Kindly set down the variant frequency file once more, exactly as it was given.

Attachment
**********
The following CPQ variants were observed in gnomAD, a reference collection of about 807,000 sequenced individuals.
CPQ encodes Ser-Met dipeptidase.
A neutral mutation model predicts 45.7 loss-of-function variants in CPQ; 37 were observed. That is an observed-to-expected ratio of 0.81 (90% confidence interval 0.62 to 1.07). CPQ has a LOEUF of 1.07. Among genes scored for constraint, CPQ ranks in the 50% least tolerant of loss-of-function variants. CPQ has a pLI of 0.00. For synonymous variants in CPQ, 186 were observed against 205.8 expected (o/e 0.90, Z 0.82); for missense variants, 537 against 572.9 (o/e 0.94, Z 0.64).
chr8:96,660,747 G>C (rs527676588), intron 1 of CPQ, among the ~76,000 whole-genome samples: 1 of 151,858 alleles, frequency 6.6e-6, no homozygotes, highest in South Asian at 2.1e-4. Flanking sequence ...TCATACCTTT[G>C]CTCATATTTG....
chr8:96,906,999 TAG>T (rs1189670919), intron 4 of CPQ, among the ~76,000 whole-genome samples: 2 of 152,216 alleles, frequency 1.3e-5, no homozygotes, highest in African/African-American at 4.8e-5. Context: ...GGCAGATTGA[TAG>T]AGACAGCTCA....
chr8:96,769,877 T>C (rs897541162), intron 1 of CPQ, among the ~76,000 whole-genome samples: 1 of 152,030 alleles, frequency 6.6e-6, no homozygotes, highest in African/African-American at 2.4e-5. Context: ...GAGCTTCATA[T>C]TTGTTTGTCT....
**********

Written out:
The following CPQ variants were observed in gnomAD, a reference collection of about 807,000 sequenced individuals.
CPQ encodes Ser-Met dipeptidase.
A neutral mutation model predicts 45.7 loss-of-function variants in CPQ; 37 were observed. That is an observed-to-expected ratio of 0.81 (90% confidence interval 0.62 to 1.07). CPQ has a LOEUF of 1.07. Among genes scored for constraint, CPQ ranks in the 50% least tolerant of loss-of-function variants. CPQ has a pLI of 0.00. For synonymous variants in CPQ, 186 were observed against 205.8 expected (o/e 0.90, Z 0.82); for missense variants, 537 against 572.9 (o/e 0.94, Z 0.64).
chr8:96,660,747 G>C (rs527676588), intron 1 of CPQ, among the ~76,000 whole-genome samples: 1 of 151,858 alleles, frequency 6.6e-6, no homozygotes, highest in South Asian at 2.1e-4. Flanking sequence ...TCATACCTTT[G>C]CTCATATTTG....
chr8:96,906,999 TAG>T (rs1189670919), intron 4 of CPQ, among the ~76,000 whole-genome samples: 2 of 152,216 alleles, frequency 1.3e-5, no homozygotes, highest in African/African-American at 4.8e-5. Context: ...GGCAGATTGA[TAG>T]AGACAGCTCA....
chr8:96,769,877 T>C (rs897541162), intron 1 of CPQ, among the ~76,000 whole-genome samples: 1 of 152,030 alleles, frequency 6.6e-6, no homozygotes, highest in African/African-American at 2.4e-5. Context: ...GAGCTTCATA[T>C]TTGTTTGTCT....